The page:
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Bingen am Rhein [Bringa]

Mainz-Bingen, Rhineland-Palatinate, Germany

Coordinates: 49° 58' 1" N, 7° 53' 42" E

 
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Mainz

(Maguntiacum) [Mentz; Moguntia; Moguntina]

Rhineland-Palatinate, Germany

Coordinates: 50° 0' 0" N, 8° 16' 16" E

Cathedral city; seat of the prince-elector of Mainz

 
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Paris

Coordinates: 48° 52' 0" N, 2° 19' 59" E

Capital of France; cathedral city; university town

 
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Prague (Praha) [Parga]

Bohemia, Czech Republic

Coordinates: 50° 5' 0" N, 14° 25' 0" E

444 [420]

K. Edward 3. Learned men against the Pope. Martyrs before Wickliffe.

about this time 

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Foxe drew his account of Nilus from Matthias Flacius, Catalogus testium veritatis (Strausburg, 1562), p. 520.

: He wrote a long worke agaynst the Latins 
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I.e., against the Roman Catholics.

that is, agaynst such as tooke part and held with the Church of Rome. His first book being written in Grecke, was after translated into latin, & lately now into english, in this our time 
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Foxe is referring to Nilus Cabislas, A briefe treatise, conteyning a playnedeclaration of the popes usurped primacy…, trans. T. Gressop (London, 1560), STC4325. This is a translation of Nilus Cabislas, De primatu papae. Flacius did not mention this translation; this citation is Foxe's insertion into the text.

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. In the first chap. of his book, he layeth all the blame and fault of the dissention & schisme betwene the East and the West Church vpon the Pope. He affirmed that the Pope onely would commaund what him listed, were it neuer so contrary to al the olde & auncient canōs. That he would heare and folow no mans aduise: that he would not permit any free coūcels to be assēbled. &c. And that therfore it was not possible, that the cōtrouersies betwene the Greeke Church and Latine Church, should be decided and determined.

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In the second chap. of his book, he purposedly maketh a very learned disputation. For first he declareth that he no whit at all by Gods commaūdement, but onely by humain law, hath any dignity, more thē hath other bishops: which dignity, the Councels, the fathers, & the Emperors haue graunted vnto him: Neither did they graūt the same for any other consideration more, or greater ordinaunce: then for that the same City then had the Impery of all the whole world: and not at all for that that Peter euer was there, or not there.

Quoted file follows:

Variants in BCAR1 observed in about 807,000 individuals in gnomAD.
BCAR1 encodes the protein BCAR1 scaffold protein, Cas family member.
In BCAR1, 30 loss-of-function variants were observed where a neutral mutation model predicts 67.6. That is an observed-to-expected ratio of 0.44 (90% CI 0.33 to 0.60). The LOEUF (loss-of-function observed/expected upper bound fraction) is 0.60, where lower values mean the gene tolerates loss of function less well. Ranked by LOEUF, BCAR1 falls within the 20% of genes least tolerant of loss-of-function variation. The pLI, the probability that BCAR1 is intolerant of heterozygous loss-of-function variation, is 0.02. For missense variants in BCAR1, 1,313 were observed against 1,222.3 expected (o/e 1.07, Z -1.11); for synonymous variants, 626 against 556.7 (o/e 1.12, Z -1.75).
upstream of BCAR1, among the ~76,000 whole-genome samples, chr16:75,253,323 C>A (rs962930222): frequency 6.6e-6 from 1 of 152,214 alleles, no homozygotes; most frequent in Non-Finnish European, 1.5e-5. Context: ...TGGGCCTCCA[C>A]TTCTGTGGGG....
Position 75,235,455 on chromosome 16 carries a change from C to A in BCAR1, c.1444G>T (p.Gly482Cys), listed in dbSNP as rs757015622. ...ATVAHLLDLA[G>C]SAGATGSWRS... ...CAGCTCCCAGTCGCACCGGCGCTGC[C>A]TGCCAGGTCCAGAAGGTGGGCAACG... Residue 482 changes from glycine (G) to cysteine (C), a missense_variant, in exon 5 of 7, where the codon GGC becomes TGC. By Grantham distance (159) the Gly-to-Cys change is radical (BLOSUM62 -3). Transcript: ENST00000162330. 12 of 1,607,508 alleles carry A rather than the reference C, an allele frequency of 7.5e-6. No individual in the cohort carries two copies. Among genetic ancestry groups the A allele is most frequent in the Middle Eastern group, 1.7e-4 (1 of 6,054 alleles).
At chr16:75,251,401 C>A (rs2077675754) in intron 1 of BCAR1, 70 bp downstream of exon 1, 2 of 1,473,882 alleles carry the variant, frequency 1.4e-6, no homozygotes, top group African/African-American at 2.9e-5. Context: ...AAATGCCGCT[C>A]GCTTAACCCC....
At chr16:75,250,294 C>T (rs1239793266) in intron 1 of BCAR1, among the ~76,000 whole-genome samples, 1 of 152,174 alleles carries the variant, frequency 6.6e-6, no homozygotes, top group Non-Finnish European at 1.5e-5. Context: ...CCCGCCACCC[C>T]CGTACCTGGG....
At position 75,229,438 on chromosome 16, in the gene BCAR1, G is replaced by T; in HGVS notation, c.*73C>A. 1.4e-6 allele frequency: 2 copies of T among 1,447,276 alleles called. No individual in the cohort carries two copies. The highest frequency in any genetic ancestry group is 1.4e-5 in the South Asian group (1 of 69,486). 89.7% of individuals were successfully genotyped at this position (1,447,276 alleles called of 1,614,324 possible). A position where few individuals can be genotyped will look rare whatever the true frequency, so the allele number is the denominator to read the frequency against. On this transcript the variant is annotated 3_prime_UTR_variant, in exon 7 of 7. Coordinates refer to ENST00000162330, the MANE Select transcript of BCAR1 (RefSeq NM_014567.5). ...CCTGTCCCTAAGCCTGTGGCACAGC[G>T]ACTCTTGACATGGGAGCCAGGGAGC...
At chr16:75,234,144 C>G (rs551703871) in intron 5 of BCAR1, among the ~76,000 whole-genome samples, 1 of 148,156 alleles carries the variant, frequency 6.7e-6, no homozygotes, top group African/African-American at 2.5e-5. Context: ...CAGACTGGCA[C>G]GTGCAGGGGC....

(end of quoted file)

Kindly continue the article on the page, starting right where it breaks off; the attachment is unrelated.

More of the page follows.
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Secondarily he declareth, that the same premacy or prerogatiue is not such and so great as he and his Sicophāts do vsurpe vnto thēselues. Also he refuteth the chiefest propositions of the Papistes one after an other. He declareth that the Pope hath no dominion more thē other Patriarches haue, and that he himselfe may erre as well as other mortall men: and that he is subiect both to lawes & councels, as well as other Bishops. That it belonged not to him, but to the Emperor, to call generall councels: & that in Ecclesiasticall causes he could establish and ordeine no more then all other Bishops might. And lastly, that he getteth no more by Peters succession, then that he is a Byshop as all other Bishops after the Apostles be. &c.

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MarginaliaIacobus Misuēsis and Militzius. I can not among other, folowing here the occasion of this matter offered, leaue out þe memory of Iacobus Misuensis, who also wrote of the comming of Antechrist 

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Apparently through inadvertance, the following two paragraphs were repeated after having been printed just a few pages earlier. The material in these paragraphs was taken from Matthias Flacius, Catalogus testium veritatis(Strausburg, 1562), p. 524.

. In þe same he maketh mentiō of a certayn learned man, whose name was Militzius, which Militzius (sayth he) was a famous and worthy preacher in Parga 
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This account of Militizius and of the papal bull denouncing him comes from Matthias Flacius, Catalogus testium veritatis (Strausburg, 1562), pp. 525-6.

. He liued about þe yere. 1366 
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This is Foxe's mistake. Flacius declared that Militizius lived two hundred years before Hus, which would place him in the early thirteenth century.1366 was the date of Gregory XI's bull denouncing Militizius' heresies.

. long before Husse, and before Wickliffe also. In the same his writings he declareth, how þe same good man Militzius was by the holy spirit of God incited, and vehemently moued to search out of þe holy Scriptures the maner and comming of Antechrist: and found that now in his time he was all ready come. And the same Iacobus sayth, that the sayd Militzius was constrayned by the spirite of God to go vp to Rome, & there publickely to preach. And that afterward before þe Inquisitour he affirmed the same. That the same mighty and great Antechrist, the which the Scriptures made mention of, was already comen.